KOMO sets up Objections CommitteeJune 7, 2021
KOMO, like no other brand in the building industry, stands for objectivity and reliability. The KOMO Foundation works in collaboration with certification bodies and scheme managers and confirms the quality of the products and processes with the KOMO quality mark. Independent committees ensure that this is carried out in an orderly manner. A new committee has now been added, the KOMO Objections Committee.
The independent Objections Committee has been created to allow a scheme manager or certifying body to object to decisions of the KOMO Quality and Review Committee (hereinafter the KKTC, see further in this article). The Objections Committee is tasked with assessing whether decisions have been taken on the correct grounds. The committee deals with objections to decisions taken by the KKTC regarding the acceptance process of KOMO assessment guidelines.
The Objections Committee is composed of independent members from various backgrounds.
- Jan Pieter van Dalen, quality and risk manager.
- Erik Hoven, sector management consultant at MiSa Advies.
- Robert-Jan Kwaak (chair), building law lawyer, partner of Construct Advocaten.
- Gert-Jan van Leeuwen, former director of the Building Control Association Netherlands and Building Regulations teacher (facilities coordinator at the Building Quality Institute).
- Harry Nieman, chair of the Policy Committee Environmental Performance Netherlands within the NMB. (Also facilities coordinator Building Quality Assurance Act).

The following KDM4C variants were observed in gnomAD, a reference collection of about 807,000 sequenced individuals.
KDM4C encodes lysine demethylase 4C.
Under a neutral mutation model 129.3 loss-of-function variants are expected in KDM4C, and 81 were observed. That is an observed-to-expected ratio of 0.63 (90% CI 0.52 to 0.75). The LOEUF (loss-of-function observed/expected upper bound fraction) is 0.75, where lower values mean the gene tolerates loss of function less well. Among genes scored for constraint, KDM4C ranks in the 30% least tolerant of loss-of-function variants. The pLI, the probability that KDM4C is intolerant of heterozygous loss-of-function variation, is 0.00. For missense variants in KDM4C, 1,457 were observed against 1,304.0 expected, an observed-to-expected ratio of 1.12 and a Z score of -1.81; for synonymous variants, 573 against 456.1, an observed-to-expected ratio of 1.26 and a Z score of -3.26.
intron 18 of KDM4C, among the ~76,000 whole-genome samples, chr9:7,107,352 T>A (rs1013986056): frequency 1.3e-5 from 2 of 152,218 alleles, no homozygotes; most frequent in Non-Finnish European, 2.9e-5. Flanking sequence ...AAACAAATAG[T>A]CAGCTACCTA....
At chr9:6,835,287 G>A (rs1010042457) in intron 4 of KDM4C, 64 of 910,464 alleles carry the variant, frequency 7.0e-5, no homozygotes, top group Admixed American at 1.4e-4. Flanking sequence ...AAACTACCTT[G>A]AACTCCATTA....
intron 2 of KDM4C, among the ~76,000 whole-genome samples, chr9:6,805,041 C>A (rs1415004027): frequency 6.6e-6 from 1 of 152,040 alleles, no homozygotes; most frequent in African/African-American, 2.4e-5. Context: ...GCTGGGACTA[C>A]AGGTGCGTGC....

Erik-Jan de Bont, KOMO operational manager, acts as secretary.
We asked Robert-Jan Kwaak, building law lawyer at Construct Advocaten, about his role as chair of the committee.
Robert-Jan Kwaak explains: “My role within the Objections Committee is to ensure that the complaints procedure is carried out carefully and according to the rules. This means, for example, that each party can have its say, and that adversarial procedure is applied. At the end of the procedure, each party must have the idea that it has been heard and that it has been able to put forward what it thought was important. The committee then issues a clearly reasoned opinion. A correctly performed procedure helps where it concerns acceptance of that judgement, also even if it is not in favour of a party involved.
Having 20 years of experience in building law is a great asset in my Objections Committee role. Of course, lawyers are less at home in technical discussions. The committee will undoubtedly have to deal with this. Then again, this does not apply to building law lawyers who have vast experience with technical discussions. Therefore, I have a keen interest in technology. This explains why I opted for building law. However, the real technical knowledge is obviously found among the other committee members.
As a building lawyer, I in turn understand (unlike technicians) how legal procedures work. It is also helpful that I was an arbitrator at KIVI (Royal Institute of Engineers, Netherlands, ed.) for a long time, and that I also worked for two years as a corporate lawyer at the Grontmij consultancy and engineering firm, now known as Sweco. These elements allow me to combine the best of both worlds in this position.”
The independent KKTC checks the KOMO assessment guidelines and associated model certificates, both substantively and procedurally, against the KOMO quality standard and the agreements with the licensees. This way, the KKTC guarantees that KOMO meets one of its core objectives: which is that everything bearing the KOMO quality mark also complies with all laws and regulations relating to both building materials and activities. The KKTC was given important additional tasks in the past year: monitoring the KiK-tool (such as KiK risk assessment) and valuing the certification schemes for use in the KiK tool.
The applicant can object to a KKTC decision within 30 calendar days after the date that decision was made. The notice of objection must be sent by letter, whether or not registered, to the chair of the Objections Committee (p/a Stichting KOMO).